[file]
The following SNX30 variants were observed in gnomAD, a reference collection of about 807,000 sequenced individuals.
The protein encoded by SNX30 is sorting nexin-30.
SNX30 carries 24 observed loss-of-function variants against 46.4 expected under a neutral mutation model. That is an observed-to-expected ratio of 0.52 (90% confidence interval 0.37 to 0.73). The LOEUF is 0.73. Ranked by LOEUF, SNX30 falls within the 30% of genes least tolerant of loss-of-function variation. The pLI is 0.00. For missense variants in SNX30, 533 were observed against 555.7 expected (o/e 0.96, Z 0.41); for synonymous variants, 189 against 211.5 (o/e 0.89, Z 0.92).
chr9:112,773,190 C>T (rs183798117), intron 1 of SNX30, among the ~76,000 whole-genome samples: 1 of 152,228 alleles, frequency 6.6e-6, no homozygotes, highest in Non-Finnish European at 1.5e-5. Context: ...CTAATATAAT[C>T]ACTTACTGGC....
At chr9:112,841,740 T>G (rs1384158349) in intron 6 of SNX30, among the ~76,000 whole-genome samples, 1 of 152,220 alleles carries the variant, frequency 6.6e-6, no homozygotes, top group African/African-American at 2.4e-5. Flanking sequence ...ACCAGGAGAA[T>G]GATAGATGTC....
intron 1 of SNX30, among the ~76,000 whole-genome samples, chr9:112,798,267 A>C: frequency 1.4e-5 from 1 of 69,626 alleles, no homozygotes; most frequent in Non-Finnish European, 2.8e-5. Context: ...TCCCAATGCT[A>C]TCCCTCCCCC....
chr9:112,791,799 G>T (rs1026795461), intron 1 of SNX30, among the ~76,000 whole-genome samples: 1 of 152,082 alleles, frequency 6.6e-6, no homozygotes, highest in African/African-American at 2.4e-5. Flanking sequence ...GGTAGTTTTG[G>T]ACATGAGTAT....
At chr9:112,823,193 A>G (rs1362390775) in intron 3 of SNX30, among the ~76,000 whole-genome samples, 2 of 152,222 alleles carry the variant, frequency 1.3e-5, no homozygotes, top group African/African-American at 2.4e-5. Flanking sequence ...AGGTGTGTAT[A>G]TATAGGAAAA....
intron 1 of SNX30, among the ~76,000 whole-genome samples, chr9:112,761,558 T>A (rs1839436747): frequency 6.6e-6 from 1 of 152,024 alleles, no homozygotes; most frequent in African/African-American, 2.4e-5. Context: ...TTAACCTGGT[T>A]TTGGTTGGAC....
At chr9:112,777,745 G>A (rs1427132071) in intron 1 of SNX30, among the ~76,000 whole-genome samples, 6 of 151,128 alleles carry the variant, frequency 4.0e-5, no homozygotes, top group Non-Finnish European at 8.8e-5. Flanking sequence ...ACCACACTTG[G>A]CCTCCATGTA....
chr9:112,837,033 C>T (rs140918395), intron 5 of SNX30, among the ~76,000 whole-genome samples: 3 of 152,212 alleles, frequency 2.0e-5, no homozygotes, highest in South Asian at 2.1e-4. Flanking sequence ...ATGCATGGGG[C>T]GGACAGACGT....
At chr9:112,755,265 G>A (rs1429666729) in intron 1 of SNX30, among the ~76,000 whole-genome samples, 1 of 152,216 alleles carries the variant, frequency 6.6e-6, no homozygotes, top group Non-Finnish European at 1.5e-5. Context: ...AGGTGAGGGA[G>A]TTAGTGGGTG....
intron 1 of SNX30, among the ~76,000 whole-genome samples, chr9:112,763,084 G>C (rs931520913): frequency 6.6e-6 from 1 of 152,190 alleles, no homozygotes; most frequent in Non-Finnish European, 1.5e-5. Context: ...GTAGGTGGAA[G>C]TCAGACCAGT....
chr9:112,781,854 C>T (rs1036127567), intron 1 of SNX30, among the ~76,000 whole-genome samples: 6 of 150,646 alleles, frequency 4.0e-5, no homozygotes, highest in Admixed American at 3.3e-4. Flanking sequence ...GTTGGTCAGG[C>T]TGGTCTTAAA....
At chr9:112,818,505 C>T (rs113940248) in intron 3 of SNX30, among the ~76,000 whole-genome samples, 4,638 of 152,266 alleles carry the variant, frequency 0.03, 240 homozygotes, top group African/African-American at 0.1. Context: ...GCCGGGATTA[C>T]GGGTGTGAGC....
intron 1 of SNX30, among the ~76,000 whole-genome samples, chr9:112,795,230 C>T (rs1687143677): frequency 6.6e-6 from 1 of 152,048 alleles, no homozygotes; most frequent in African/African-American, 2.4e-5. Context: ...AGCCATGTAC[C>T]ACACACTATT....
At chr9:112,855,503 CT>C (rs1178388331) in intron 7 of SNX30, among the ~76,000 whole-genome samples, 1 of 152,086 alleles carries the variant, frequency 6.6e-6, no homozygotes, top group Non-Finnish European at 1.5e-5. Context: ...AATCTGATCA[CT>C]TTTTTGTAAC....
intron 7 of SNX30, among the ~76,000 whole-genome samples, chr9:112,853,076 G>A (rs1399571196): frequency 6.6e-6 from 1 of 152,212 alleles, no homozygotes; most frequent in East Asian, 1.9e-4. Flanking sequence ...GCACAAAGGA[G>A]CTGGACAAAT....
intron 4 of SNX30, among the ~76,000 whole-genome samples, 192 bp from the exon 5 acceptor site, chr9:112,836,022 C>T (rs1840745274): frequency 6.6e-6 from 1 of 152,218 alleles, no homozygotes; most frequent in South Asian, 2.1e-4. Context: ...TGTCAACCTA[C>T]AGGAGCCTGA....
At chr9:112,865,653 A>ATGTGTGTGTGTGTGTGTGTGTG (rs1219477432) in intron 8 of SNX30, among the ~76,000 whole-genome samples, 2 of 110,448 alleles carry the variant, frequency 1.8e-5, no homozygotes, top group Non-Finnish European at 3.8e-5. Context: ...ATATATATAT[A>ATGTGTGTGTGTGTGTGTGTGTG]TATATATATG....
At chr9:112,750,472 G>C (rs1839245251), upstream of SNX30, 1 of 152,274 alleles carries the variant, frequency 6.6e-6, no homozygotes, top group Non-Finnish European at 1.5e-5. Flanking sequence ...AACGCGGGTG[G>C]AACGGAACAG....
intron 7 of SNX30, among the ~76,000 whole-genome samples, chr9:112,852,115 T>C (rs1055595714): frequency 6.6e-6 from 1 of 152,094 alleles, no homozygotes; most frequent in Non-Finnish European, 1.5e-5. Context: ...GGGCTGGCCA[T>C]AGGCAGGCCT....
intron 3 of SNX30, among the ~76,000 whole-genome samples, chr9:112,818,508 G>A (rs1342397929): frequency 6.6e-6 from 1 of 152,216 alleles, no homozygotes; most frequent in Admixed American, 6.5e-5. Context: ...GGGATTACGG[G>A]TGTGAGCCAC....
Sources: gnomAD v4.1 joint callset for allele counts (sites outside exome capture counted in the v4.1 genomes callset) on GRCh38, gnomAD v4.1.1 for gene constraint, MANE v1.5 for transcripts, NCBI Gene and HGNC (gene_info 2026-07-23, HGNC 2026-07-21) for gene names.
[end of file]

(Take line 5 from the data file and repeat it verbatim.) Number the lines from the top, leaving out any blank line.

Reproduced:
At chr9:112,841,740 T>G (rs1384158349) in intron 6 of SNX30, among the ~76,000 whole-genome samples, 1 of 152,220 alleles carries the variant, frequency 6.6e-6, no homozygotes, top group African/African-American at 2.4e-5. Flanking sequence ...ACCAGGAGAA[T>G]GATAGATGTC....